Bringing Out-of-School girls Back to Education in Khyber Pakhtunkhwa, Pakistan
Alternative Learning Pathway centres enable children, especially girls, to resume learning, thanks to UNICEF technical support and Japan funding to Education Department
For sixteen-year-old Malaika, getting back to education was like getting back to life.
The adolescent, who comes from a poor family in Jhandi Darsamand village in Hangu, a district of Pakistan’s northeastern Khyber Pakhtunkhwa province, had stopped going to school after completing her primary education. Inflammation in one of her knees had left her with a limp, forcing her impoverished family to keep her at home as there was no elementary school inside or near the village.
“Not being able to continue studying in elementary school made me very sad. I was not able to run and play with my sibling and would spend most of my time alone. I had almost lost hope of going back to school and live a normal life,” Malaika says.
Malaika’s father, Israr khan, is a daily wager who earns money only when he finds work. With his meagre income, he can barely afford basic expenses for his family.
“I have always been aware the importance of education and always made sure to send all my children to school despite my meagre resources. Malaika’s disability and inability to continue studying broke my heart,” Khan says.
Malaika would never have been able to resume her education, had it not been for a new project supporting non-formal education.
In 2018, with technical assistance from UNICEF and funding from the Government of Japan through the Japan International Cooperation Agency (JICA), Pakistan started developing alternate learning opportunities in a bid to help children who had dropped out, or never been to school, resume learning in three provinces -- Khyber Pakhtunkhwa, Balochistan and Sindh – even if they are overage.
This new programme came as part of the Government’s efforts to tackle the issue of the 23 million children aged between 5 to 16 who are out of school – half of their age group.
In Khyber Pakhtunkhwa, where there are more than two million of children out of school – two-thirds of them girls -- the Elementary and Secondary Education Department launched the Alternate Learning Pathways (ALP) programme.
UNICEF supported the Department to develop a complete Service Delivery Mechanism for in the province and created a Project Implementing Unit in September 2020. So far, 90 ALP centres have been set up with JICA funding, out of a total of 380 centres in ten districts which have enabled nearly 11,000 students - 7,000 girls - to resume learning.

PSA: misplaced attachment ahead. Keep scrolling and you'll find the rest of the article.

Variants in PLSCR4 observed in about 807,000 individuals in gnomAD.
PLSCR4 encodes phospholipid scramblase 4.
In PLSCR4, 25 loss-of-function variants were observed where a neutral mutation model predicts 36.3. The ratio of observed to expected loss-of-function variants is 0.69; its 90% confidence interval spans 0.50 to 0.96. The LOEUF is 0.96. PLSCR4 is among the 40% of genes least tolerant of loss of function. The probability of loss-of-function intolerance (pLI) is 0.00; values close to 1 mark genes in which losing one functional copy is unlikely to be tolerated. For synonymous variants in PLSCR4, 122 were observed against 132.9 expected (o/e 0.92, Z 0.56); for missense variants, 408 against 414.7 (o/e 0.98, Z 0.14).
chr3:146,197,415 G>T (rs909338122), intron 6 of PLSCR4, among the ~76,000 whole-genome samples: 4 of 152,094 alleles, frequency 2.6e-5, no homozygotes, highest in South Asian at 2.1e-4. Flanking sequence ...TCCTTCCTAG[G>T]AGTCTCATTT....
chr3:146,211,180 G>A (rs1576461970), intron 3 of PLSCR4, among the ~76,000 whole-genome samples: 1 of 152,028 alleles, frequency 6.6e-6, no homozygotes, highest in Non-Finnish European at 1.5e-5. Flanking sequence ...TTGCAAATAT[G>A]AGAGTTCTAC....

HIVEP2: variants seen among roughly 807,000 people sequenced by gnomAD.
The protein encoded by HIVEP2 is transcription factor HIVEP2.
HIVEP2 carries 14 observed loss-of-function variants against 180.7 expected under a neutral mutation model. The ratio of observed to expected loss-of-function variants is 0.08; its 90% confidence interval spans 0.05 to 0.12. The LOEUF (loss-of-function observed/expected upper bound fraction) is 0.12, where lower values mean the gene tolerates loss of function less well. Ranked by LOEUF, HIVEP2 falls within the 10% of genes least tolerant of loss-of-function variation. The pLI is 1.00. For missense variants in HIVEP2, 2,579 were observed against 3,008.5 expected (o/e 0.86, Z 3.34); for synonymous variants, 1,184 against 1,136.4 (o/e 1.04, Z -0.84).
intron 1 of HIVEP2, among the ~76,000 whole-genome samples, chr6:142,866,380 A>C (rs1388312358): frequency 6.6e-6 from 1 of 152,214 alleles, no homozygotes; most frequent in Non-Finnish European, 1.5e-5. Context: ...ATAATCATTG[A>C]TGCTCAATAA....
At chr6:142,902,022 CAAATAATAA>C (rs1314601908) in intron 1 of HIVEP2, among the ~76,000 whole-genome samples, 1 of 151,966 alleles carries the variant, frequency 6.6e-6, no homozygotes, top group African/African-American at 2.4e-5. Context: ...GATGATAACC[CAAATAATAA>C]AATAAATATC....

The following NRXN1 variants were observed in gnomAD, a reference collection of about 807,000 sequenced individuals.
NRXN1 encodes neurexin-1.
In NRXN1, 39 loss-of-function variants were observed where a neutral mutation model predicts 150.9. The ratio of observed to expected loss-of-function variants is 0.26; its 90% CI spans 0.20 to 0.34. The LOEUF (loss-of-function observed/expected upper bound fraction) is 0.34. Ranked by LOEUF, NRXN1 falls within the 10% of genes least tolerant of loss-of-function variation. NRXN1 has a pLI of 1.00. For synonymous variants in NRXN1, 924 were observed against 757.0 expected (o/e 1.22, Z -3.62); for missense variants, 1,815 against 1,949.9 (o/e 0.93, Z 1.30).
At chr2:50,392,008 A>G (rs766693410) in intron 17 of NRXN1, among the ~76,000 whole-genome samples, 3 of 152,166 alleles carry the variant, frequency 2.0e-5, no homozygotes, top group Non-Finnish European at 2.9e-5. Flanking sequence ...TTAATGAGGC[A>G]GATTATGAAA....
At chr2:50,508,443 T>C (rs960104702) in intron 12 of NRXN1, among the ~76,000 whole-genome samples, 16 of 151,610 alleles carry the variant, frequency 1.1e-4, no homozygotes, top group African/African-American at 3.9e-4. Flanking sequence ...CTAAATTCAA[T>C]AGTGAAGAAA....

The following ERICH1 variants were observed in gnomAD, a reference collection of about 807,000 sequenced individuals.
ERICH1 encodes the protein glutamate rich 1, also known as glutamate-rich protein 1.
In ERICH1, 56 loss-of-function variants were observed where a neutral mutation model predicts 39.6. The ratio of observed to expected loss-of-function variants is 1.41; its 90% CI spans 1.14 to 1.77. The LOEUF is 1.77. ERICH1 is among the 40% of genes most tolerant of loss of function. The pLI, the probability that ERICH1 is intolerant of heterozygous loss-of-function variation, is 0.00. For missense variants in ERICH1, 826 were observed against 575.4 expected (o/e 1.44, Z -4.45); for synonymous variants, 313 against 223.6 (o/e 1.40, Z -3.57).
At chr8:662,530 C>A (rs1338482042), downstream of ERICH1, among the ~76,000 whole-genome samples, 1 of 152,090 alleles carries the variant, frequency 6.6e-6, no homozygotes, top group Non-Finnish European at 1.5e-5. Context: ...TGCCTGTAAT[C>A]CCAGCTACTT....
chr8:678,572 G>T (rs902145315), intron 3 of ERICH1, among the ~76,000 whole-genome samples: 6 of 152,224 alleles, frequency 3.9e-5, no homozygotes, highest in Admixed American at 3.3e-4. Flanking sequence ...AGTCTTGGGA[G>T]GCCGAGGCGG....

In Hangu District, 18 ALPs have been established in existing primary schools for girls and two in villages which did not have a school. Every ALP relies on an eight-member Volunteer Network Forum (VNF) which comprises of parents, community activists and influencers who encourage communities to enroll out-of-school girls.
“Communities in this area are very poor and very conservative and girls’ education has never been a priority. Families tend to marry them early,” says Hashim Khan, Hangu’s Assistant District Education Officer. “When members of the district coordination team first approached villages about sending their daughters to school, they were firmly rebuffed. It took us a lot of perseverance and persuasion to change the age-old mindset towards girls’ education. With time and the opening of ALP centres, we have seen a positive change in attitudes.”
Teachers and ALP Facilitators ensure that children, especially girls, can not only study but also engage in co-curricular activities and adopt social behaviours essential for their healthy mental and physical growth. Following COVID-19 pandemic lockdowns, students were taught about key preventive behaviours to reduce virus transmission as soon as the centres reopened.
For Malaika, the programme has been life-changing, as she was able to resume learning in one of these centres.
“Malaika is so happy to have resumed studying that she walks two kilometers each way to get to the ALP centre despite her weak leg,” says Shiroz Bibi, her mother. “She sat at home for five years. We thought that she would never be able to study further. As soon as a VNF member came to our house and told us about the ALP centre, I agreed to enroll Malaika and volunteered to become a VNF member myself.”